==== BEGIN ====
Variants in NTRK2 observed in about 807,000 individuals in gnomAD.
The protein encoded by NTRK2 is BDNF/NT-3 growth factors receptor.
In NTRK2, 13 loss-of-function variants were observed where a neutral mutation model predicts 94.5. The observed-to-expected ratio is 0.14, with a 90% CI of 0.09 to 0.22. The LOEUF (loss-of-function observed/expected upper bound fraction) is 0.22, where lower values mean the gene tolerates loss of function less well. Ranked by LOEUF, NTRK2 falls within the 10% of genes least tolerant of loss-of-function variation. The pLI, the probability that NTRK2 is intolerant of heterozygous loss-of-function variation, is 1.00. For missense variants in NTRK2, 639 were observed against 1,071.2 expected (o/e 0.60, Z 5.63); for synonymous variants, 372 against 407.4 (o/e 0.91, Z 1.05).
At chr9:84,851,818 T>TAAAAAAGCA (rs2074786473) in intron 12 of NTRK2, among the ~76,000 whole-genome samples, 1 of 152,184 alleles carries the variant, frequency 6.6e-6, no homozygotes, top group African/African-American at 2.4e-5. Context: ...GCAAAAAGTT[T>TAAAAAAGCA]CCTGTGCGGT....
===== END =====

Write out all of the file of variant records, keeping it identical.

Variants in NTRK2 observed in about 807,000 individuals in gnomAD.
The protein encoded by NTRK2 is BDNF/NT-3 growth factors receptor.
In NTRK2, 13 loss-of-function variants were observed where a neutral mutation model predicts 94.5. The observed-to-expected ratio is 0.14, with a 90% CI of 0.09 to 0.22. The LOEUF (loss-of-function observed/expected upper bound fraction) is 0.22, where lower values mean the gene tolerates loss of function less well. Ranked by LOEUF, NTRK2 falls within the 10% of genes least tolerant of loss-of-function variation. The pLI, the probability that NTRK2 is intolerant of heterozygous loss-of-function variation, is 1.00. For missense variants in NTRK2, 639 were observed against 1,071.2 expected (o/e 0.60, Z 5.63); for synonymous variants, 372 against 407.4 (o/e 0.91, Z 1.05).
At chr9:84,851,818 T>TAAAAAAGCA (rs2074786473) in intron 12 of NTRK2, among the ~76,000 whole-genome samples, 1 of 152,184 alleles carries the variant, frequency 6.6e-6, no homozygotes, top group African/African-American at 2.4e-5. Context: ...GCAAAAAGTT[T>TAAAAAAGCA]CCTGTGCGGT....